This course will provide an introductory survey to the fundamental principles and canonical works of Western art history from the Renaissance to the present. With an emphasis on acquiring skills particular to visual literacy, this course will enable students to critically analyze works of art while contextualizing them historically, socially, and culturally with respect to significant periods and themes. We will explore major themes such as the changing status of the artist, the mechanics of patronage and the art market, and the impact of religion, politics, science and technology on art production. As we navigate through different time periods and geographical centers, we will more broadly address the ways in which artists, patrons, and publics defined themselves, through their images, in relation to an expanding world of trade, cultural encounters, political confrontation, and artistic exchange. In addition to introducing you to the history of visual culture, this course will also expose you to the methods and practices of art history--that is, the various ways in which historians have approached visual objects from the beginnings of the discipline to the present. Topics will include iconography, the social history of art, formalism and style, and feminism. Lectures and discussions will focus on the general issues of a given period of artistic production as well as individual artists, works of art, and artistic techniques. Reading assignments will include primary sources, as well as scholarly articles, and we will pay close attention to how art historians selectively regard the fragmentary material and textual remains from the past and incorporate them into a "story of art." Together with lectures, readings, and written assignments, participation in discussion will be a vital component of the course. We will take advantage of the privileged opportunity to visit local museum collections and learn from objects "in the flesh." By gaining a fluency in visual culture, we will develop critical thinking skills transferable to all disciplines. Estimated cost of materials: $50 or more, but less than $100.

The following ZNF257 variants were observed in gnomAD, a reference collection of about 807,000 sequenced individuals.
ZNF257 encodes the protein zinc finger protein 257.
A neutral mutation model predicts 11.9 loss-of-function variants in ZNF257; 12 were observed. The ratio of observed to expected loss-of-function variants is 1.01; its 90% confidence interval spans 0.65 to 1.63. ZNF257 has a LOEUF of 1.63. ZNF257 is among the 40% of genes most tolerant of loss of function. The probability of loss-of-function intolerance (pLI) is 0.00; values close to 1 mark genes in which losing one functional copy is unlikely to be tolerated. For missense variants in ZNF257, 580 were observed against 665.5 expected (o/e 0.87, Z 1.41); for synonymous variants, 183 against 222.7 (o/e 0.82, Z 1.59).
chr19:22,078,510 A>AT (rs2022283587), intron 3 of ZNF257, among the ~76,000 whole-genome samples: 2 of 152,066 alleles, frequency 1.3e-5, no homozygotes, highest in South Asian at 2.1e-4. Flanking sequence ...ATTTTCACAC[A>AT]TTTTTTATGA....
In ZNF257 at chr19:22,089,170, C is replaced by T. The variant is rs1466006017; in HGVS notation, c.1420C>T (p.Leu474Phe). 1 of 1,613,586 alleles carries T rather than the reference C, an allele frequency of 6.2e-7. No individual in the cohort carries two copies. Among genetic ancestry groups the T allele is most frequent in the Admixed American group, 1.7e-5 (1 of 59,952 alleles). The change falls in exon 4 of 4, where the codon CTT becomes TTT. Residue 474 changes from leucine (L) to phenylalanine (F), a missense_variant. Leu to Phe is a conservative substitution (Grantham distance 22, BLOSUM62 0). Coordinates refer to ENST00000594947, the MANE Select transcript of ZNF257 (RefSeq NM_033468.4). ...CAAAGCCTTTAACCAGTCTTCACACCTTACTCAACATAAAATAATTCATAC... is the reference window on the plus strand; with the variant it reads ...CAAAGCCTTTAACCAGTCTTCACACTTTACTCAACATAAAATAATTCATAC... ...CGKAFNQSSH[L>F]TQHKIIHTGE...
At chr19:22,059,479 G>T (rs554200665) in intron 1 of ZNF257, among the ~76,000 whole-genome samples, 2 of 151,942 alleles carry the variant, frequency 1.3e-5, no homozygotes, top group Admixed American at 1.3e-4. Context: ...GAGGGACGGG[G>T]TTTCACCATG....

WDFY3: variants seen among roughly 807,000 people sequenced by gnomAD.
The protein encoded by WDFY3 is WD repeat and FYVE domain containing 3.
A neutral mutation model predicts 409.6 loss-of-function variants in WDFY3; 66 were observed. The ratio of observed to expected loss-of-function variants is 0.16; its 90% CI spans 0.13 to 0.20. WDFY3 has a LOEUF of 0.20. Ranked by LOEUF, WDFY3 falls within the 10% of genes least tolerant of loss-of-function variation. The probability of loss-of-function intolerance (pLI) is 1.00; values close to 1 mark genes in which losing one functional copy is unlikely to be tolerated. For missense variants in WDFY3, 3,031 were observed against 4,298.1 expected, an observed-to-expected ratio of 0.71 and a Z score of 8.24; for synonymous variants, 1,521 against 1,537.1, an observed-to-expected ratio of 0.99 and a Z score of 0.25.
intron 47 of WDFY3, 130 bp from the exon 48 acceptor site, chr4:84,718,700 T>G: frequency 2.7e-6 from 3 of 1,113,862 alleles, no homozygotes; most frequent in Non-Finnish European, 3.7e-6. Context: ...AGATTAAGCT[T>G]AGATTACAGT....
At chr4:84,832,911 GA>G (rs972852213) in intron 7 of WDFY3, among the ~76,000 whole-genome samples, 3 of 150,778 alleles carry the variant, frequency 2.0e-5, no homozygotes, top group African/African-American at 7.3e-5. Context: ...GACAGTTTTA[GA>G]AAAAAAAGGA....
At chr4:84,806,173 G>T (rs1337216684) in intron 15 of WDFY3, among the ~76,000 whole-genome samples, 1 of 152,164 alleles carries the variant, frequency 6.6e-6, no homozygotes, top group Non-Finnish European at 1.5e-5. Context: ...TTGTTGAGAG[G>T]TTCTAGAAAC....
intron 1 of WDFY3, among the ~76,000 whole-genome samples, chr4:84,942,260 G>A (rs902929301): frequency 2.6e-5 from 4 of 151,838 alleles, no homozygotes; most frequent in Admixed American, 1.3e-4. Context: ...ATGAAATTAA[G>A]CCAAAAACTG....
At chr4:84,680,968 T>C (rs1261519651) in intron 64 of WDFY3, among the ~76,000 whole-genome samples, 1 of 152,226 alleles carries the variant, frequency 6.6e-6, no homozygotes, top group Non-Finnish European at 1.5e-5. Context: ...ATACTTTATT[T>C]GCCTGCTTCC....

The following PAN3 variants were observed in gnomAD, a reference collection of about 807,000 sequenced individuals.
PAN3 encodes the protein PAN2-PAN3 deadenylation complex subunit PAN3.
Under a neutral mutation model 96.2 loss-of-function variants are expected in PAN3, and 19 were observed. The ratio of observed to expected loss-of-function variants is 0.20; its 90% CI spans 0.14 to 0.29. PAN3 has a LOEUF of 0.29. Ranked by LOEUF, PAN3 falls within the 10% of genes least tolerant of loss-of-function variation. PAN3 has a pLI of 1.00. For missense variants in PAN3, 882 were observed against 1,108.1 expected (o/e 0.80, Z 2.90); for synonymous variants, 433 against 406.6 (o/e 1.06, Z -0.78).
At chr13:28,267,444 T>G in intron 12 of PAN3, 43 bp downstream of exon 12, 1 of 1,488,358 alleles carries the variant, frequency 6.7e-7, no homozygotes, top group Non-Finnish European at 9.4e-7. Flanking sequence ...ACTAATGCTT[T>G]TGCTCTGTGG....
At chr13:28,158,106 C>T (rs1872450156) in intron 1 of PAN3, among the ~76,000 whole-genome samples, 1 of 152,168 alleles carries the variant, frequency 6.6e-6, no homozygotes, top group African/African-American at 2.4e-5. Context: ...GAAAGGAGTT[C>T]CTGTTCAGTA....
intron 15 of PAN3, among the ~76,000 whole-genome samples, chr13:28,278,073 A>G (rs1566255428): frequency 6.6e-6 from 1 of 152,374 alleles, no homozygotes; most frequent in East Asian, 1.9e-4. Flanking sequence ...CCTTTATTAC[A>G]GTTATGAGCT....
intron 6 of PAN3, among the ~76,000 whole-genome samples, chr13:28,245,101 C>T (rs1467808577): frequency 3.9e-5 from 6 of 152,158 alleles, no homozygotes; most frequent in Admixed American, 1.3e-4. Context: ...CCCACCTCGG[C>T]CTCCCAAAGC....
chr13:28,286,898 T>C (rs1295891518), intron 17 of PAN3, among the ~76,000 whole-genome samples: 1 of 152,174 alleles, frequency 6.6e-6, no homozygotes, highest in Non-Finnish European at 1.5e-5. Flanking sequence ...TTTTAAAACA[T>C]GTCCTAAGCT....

Left: Andy Warhol, Mona Lisa, 1963, serigraph and right: Leonardo Da Vinci, Mona Lisa, ca. 1506-1513, oil on panel